|Media Circus Caused
Lower Property Values But Not a Loss |
After O.J. Simpson was charged with murder, his Brentwood, California neighborhood was overrun with reporters, law enforcement officials and curious bystanders. As a result, the owners of the adjacent house and land experienced a sudden decline in the value of their property. This prompted them to claim a $751,247 casualty loss on their 1994 tax return.
The court disallowed the deduction because there was no actual physical damage to the taxpayers’ property ( Chamales v. Commissioner, TC Memo 2000-33).
IRS’s Fax to Workplace Didn’t Violate Privacy Act
An IRS attorney faxed two confidential letters to a taxpayer’s place of employment where coworkers had access to incoming messages. The taxpayer claimed that the IRS had violated the Federal Privacy Act. The Eleventh Circuit Court of Appeals sided with the service because the taxpayer had supplied the fax machine number to the government and the IRS attorney testified he was unaware others had access ( Johnston v. Commissioner, CA-11, 2000-1 USTC 50,189).
Options Transferred in Divorce Considered Income
As part of a divorce agreement, a man transferred half his incentive and nonqualified stock options to his ex-wife. She later exercised the options, and the corporation issued a form 1099 to the ex-husband showing the bargain element (the difference between the stock’s fair market value and the exercise price) as compensation income. He included this on his tax return but later filed a refund claim.
In field service advice no. 200005006, the IRS concluded that the stock options were exchanged for the release of marital rights or property. Therefore the transfer was at arm’s length and subject to IRC section 83, which states stock options are taxable when transferred. The service said the ex-husband had compensation income equal to the fair market value of the options on the date of transfer. Also, when the ex-wife exercised the options, there were no tax consequences to either party. However, when she sells the stock, the ex-wife will be taxed on the difference between the stock’s selling price and her basis (the carryover basis from the ex-husband plus her exercise price).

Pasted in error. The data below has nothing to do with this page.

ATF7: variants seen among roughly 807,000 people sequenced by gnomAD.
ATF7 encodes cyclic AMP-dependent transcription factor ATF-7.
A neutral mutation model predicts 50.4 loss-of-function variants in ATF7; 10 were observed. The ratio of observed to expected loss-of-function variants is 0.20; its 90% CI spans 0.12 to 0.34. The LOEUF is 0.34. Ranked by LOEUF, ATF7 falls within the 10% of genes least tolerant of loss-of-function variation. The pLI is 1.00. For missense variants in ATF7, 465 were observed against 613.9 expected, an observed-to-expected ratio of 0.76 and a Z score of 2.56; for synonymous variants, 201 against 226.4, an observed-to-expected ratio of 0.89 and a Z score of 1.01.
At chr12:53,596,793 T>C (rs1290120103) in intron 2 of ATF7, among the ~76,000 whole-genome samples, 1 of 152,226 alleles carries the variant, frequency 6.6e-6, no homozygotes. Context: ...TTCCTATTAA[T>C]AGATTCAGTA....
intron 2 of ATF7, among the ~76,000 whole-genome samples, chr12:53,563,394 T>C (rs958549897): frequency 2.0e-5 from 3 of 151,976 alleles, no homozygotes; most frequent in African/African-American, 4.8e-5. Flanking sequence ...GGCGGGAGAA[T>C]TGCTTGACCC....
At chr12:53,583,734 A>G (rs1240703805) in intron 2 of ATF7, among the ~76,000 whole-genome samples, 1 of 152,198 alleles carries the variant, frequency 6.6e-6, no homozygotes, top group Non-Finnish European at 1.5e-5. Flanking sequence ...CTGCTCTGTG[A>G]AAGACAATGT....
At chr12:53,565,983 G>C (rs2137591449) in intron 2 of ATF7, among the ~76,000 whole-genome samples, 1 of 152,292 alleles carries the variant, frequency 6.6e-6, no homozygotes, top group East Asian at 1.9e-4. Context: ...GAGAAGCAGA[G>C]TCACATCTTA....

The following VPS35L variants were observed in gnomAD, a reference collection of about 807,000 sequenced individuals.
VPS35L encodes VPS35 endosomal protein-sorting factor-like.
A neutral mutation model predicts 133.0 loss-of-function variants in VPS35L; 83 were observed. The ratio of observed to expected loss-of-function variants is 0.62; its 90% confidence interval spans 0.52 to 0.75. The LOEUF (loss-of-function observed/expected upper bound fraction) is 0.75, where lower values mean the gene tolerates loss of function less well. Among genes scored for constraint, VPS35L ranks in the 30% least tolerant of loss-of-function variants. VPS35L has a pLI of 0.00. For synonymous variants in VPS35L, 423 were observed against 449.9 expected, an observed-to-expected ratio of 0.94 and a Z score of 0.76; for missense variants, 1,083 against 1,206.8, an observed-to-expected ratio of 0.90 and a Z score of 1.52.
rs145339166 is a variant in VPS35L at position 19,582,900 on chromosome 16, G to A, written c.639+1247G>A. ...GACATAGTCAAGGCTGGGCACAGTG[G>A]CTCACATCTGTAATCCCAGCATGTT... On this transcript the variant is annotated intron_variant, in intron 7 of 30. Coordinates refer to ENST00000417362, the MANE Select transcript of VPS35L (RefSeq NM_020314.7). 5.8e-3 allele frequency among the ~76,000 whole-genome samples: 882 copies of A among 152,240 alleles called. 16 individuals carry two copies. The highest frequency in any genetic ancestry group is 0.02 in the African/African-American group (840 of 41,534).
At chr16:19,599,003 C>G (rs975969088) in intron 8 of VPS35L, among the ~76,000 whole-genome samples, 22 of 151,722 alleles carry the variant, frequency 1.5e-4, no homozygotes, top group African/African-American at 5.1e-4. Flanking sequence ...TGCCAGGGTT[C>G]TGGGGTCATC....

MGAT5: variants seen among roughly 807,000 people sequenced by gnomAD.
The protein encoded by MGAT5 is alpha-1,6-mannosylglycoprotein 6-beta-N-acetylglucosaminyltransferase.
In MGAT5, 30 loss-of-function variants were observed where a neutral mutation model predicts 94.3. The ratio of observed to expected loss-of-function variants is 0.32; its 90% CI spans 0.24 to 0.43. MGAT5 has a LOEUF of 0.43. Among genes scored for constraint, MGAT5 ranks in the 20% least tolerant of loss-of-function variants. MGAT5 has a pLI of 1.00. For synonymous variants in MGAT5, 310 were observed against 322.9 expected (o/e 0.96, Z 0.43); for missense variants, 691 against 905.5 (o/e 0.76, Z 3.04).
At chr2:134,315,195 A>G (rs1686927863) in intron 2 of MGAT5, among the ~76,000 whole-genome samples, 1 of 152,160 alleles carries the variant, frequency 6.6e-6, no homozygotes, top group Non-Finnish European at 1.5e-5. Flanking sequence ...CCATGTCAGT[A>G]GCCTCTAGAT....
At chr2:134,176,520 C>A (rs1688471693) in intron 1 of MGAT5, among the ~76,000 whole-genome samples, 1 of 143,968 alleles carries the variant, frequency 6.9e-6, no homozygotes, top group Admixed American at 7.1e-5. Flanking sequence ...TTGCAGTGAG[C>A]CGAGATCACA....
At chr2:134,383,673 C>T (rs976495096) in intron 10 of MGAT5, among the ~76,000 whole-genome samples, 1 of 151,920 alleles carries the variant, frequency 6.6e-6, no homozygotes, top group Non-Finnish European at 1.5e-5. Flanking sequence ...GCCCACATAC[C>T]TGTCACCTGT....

The IRS anticipated that the ex-husband might wish to argue that IRC section 1041 shields him from tax. Section 1041 prevents gains from being taxed on a transfer to a former spouse incident to a divorce, so the Service noted the ex-husband’s compensation was ordinary income and not a “gain.”
1998 Tax Refund Not Credited Against 1989 Taxes
A taxpayer’s employer submitted $4,104 of withholdings on his behalf to the IRS in 1988. Concerned that this would be insufficient, the taxpayer mailed in an additional $1,100 in January 1989. In April 1989, he properly extended the deadline to file his 1988 return to August 15, 1989. However, he did not file the 1988 return until June 1, 1993. That return showed an overpayment of taxes of $1,175 which the taxpayer asked the IRS to credit against his 1989 taxes. The IRS refused.
The U.S. Supreme Court recently sided with the service. In Baral v. United States (S. Ct. 2-22-00), 85 AFTR 2d 2000463, the Court relied on IRC section 6511 (b)(2)(A), which states that “the amount of the credit or refund shall not exceed the portion of the tax paid within the period immediately preceding the filing of the claim, equal to 3 years plus the period of any extension of time for filing the return.” According to this “lookback” rule, the taxpayer missed the deadline because the relevant payment period covered only February 1, 1990, through June 1, 1993.
The Court held that since no portion of the tax was paid during this period, no tax credits would be allowed.
Relying on Ford v. United States, 618 F.2d 357 (1980), the taxpayer had argued the withholding and estimated tax payments were merely “deposits” and not tax payments until he filed his income tax return on June 1, 1993.
The Supreme Court disagreed and held that IRC section 6513(b) required that the withholding and estimated taxes be considered paid on April 15, 1989, which was outside the lookback period.
—Michael Lynch, CPA, Esq.,